When laptop disaster strikes

Photo: pickywallpapers.com
Photo: pickywallpapers.com

A fresh slate is supposed to be a good thing, though I’m having trouble convincing myself of that fact. My one-year-old MacBook Air died all of a sudden yesterday morning, just as I’d bought a delicious latte and was settling in at a coffee shop table for a few peaceful hours of writing. After a failed attempt at trouble-shooting, a rushed forty-minute drive to the Apple dealer, and a diagnostic test, I learned that the Solid State Drive had destroyed itself somehow. “You just got a bad one,” the dealer told me. “There’s nothing you could have done.” All my data is gone. And the embarrassing answer to the question you’re probably wondering is, no, I hadn’t been backing it up. Lesson No. 1: Learn how to use Time Machine.

To make matters worse, the warranty ran out two weeks ago and I hadn’t purchased the AppleCare extended warranty. Bad choice, hence Lesson No. 2: Always buy the extended warranty. The silver lining in this cloud, however, is that I got on the phone with Apple customer service, talked with a very nice man from California, explained my predicament, and, after some three-way talks with the dealer, Apple has agreed to make an exception in my case and extend full warranty coverage for this repair. Thank you, Apple.

So my new-old computer will be returning to me mid-week, looking exactly as it did a year ago when I first pulled it out of its shiny white box. There will be no traces of the heavy use it’s endured over the past months except for the mysterious scratch on the space key that one of dear children inflicted and the miniscule gouge on the side that occurred when Jason scraped it against a stone door frame in the Doge’s Palace in Venice. The drive will be empty, blank, fresh.

I can’t help but be thankful for having an online writing job, so that most everything I’ve worked on this past year is still accessible to me. What I lament most of all, though, is the loss of a year’s photos of my children. Thanks to my blog, Facebook, and Instagram, I still have some, but gone are the photos from our Europe trip, from birthdays and holidays, from those random moments when I’ve caught the boys’ hilarious expressions.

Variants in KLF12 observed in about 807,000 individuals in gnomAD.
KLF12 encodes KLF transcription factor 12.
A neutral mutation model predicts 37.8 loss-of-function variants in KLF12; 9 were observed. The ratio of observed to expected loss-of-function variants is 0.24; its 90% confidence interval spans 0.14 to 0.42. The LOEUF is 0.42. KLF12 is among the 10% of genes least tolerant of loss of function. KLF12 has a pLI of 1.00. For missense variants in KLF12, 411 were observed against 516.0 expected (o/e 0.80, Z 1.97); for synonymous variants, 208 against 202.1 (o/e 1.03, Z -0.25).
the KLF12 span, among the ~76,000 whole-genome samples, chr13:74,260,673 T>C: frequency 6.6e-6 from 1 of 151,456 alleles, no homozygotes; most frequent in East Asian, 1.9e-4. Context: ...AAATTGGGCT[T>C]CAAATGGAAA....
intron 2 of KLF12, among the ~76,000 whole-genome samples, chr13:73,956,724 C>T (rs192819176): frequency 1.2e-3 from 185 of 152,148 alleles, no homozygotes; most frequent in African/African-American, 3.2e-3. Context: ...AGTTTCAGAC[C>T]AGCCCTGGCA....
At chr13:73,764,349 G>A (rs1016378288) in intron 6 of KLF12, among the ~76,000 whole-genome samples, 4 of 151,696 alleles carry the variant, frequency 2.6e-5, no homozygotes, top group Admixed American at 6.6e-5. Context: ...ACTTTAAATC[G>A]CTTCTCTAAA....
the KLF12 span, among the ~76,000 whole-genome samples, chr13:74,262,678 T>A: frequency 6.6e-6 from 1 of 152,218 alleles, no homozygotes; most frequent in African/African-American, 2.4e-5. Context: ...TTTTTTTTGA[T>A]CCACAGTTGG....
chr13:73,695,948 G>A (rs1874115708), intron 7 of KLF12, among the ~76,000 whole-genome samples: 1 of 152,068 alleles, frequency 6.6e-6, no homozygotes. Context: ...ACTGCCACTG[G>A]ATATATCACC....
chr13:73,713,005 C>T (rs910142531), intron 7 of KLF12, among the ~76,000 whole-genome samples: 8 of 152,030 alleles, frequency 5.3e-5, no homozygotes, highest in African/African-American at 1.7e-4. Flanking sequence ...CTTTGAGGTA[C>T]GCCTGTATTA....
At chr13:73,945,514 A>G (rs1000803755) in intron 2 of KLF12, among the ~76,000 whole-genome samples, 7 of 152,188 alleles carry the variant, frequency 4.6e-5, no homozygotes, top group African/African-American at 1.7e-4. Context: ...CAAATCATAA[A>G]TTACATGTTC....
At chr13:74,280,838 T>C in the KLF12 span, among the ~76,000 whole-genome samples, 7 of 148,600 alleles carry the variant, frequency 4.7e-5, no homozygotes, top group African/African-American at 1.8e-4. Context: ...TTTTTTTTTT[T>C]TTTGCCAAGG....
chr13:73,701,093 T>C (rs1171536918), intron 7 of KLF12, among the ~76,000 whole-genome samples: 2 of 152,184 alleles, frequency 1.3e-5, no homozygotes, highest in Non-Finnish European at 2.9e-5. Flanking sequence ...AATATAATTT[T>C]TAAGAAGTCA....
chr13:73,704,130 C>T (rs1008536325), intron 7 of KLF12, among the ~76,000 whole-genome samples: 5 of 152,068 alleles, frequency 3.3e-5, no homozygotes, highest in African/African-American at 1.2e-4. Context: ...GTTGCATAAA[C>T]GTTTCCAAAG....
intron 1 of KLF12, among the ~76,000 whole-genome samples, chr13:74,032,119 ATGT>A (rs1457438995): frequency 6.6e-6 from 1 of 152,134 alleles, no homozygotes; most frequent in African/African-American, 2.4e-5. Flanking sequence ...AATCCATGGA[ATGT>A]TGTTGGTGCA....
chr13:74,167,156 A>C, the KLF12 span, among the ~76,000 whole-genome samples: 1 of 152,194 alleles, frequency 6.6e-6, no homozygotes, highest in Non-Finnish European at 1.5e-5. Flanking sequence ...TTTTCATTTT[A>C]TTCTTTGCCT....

I’m trying to look at the upside of things. After all, I’m a purger by nature. I erase all photos from my phone every time I upload them to my computer because I hate clutter. I usually hate duplicates (though not when backed up!). Starting over is a way for me to actually minimize the number of photos I take and keep. I’ve been trying lately not to take so many pictures because it distracts me from the actual moment I’m enjoying. I want to remember more things in my mind.

My lessons have been learned the hard way. I’m bummed, but there are still a few things I’m very grateful for: first, that Apple is covering the cost of a very pricey repair, that will likely cost more than half of what I paid for the laptop; and second, that I didn’t have any irreplaceable book manuscript saved on that computer that would be lost forever. (Although, in that case, I certainly hope I would have been backing it up.) I’ll be more careful next time.

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6 thoughts on “When laptop disaster strikes

  1. These things are horrible when they happen but it only happens once.

    They will probably send you an entirely new computer, they are almost impossible to open. If you use pages instead of word (a simpler better processor) , it will save automatically to the icloud and back it up painlessly (although I also have an external hard drive to do time machine backups).

    When I switched to Mac, before I bought my new macbook that is virtually un-repairable, I sought advice and was told by friends that the 3 year extended warranty is an absolute must-have.

  2. I told all my friends to buy an external hard drive for their family pictures, since we don’t seem to print them anymore.. As Andrea mentioned the USB key (now 8 GB) for under $10. is also a good idea.

  3. That really sucks. I can show you how to set up back-ups if you’d like. I backup my whole hard drive and Catherine’s every hour, and backup all photos to an online service for $5 a month, in case a fire or theft destroys both the original and backup.

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